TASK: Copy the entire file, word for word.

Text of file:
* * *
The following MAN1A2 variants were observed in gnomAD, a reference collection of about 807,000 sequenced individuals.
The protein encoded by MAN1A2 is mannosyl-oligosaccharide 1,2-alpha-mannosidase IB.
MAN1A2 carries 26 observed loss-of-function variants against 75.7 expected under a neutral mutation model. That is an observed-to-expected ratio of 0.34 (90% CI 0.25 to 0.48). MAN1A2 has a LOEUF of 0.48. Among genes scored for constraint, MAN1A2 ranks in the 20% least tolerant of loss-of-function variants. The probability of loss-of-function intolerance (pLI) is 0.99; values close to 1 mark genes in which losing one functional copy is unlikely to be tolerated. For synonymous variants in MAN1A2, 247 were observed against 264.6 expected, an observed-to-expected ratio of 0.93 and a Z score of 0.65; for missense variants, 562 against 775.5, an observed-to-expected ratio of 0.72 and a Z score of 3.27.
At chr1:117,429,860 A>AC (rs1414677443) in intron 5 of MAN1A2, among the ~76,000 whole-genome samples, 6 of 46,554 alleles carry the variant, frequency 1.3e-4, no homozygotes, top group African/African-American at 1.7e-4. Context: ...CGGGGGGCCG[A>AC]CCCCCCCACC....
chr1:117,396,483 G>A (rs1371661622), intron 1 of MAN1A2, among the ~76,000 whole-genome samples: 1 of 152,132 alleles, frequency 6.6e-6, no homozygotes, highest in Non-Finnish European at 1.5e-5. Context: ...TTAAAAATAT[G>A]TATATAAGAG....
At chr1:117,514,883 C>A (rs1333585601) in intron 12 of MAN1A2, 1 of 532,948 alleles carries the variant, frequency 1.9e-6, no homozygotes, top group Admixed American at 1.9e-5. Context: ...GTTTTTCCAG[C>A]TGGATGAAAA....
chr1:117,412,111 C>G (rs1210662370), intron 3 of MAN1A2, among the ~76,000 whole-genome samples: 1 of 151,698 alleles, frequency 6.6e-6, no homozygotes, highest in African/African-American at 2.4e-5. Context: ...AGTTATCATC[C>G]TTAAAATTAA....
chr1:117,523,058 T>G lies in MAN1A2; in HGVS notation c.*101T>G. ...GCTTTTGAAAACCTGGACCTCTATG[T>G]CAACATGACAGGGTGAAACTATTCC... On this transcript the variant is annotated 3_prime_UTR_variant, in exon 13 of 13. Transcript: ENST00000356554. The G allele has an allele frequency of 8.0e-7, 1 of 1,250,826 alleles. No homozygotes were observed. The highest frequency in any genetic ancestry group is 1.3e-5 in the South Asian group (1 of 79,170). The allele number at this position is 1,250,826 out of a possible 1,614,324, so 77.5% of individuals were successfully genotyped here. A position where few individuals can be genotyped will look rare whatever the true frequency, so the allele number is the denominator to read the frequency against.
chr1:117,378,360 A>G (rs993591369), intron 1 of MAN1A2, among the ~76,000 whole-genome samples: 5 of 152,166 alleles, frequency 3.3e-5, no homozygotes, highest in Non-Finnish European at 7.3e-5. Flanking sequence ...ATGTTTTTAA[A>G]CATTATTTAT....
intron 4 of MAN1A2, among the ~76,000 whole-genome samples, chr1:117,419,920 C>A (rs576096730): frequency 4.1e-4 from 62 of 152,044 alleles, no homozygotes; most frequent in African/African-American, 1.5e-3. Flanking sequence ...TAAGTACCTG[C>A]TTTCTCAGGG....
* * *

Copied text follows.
The following MAN1A2 variants were observed in gnomAD, a reference collection of about 807,000 sequenced individuals.
The protein encoded by MAN1A2 is mannosyl-oligosaccharide 1,2-alpha-mannosidase IB.
MAN1A2 carries 26 observed loss-of-function variants against 75.7 expected under a neutral mutation model. That is an observed-to-expected ratio of 0.34 (90% CI 0.25 to 0.48). MAN1A2 has a LOEUF of 0.48. Among genes scored for constraint, MAN1A2 ranks in the 20% least tolerant of loss-of-function variants. The probability of loss-of-function intolerance (pLI) is 0.99; values close to 1 mark genes in which losing one functional copy is unlikely to be tolerated. For synonymous variants in MAN1A2, 247 were observed against 264.6 expected, an observed-to-expected ratio of 0.93 and a Z score of 0.65; for missense variants, 562 against 775.5, an observed-to-expected ratio of 0.72 and a Z score of 3.27.
At chr1:117,429,860 A>AC (rs1414677443) in intron 5 of MAN1A2, among the ~76,000 whole-genome samples, 6 of 46,554 alleles carry the variant, frequency 1.3e-4, no homozygotes, top group African/African-American at 1.7e-4. Context: ...CGGGGGGCCG[A>AC]CCCCCCCACC....
chr1:117,396,483 G>A (rs1371661622), intron 1 of MAN1A2, among the ~76,000 whole-genome samples: 1 of 152,132 alleles, frequency 6.6e-6, no homozygotes, highest in Non-Finnish European at 1.5e-5. Context: ...TTAAAAATAT[G>A]TATATAAGAG....
At chr1:117,514,883 C>A (rs1333585601) in intron 12 of MAN1A2, 1 of 532,948 alleles carries the variant, frequency 1.9e-6, no homozygotes, top group Admixed American at 1.9e-5. Context: ...GTTTTTCCAG[C>A]TGGATGAAAA....
chr1:117,412,111 C>G (rs1210662370), intron 3 of MAN1A2, among the ~76,000 whole-genome samples: 1 of 151,698 alleles, frequency 6.6e-6, no homozygotes, highest in African/African-American at 2.4e-5. Context: ...AGTTATCATC[C>G]TTAAAATTAA....
chr1:117,523,058 T>G lies in MAN1A2; in HGVS notation c.*101T>G. ...GCTTTTGAAAACCTGGACCTCTATG[T>G]CAACATGACAGGGTGAAACTATTCC... On this transcript the variant is annotated 3_prime_UTR_variant, in exon 13 of 13. Transcript: ENST00000356554. The G allele has an allele frequency of 8.0e-7, 1 of 1,250,826 alleles. No homozygotes were observed. The highest frequency in any genetic ancestry group is 1.3e-5 in the South Asian group (1 of 79,170). The allele number at this position is 1,250,826 out of a possible 1,614,324, so 77.5% of individuals were successfully genotyped here. A position where few individuals can be genotyped will look rare whatever the true frequency, so the allele number is the denominator to read the frequency against.
chr1:117,378,360 A>G (rs993591369), intron 1 of MAN1A2, among the ~76,000 whole-genome samples: 5 of 152,166 alleles, frequency 3.3e-5, no homozygotes, highest in Non-Finnish European at 7.3e-5. Flanking sequence ...ATGTTTTTAA[A>G]CATTATTTAT....
intron 4 of MAN1A2, among the ~76,000 whole-genome samples, chr1:117,419,920 C>A (rs576096730): frequency 4.1e-4 from 62 of 152,044 alleles, no homozygotes; most frequent in African/African-American, 1.5e-3. Flanking sequence ...TAAGTACCTG[C>A]TTTCTCAGGG....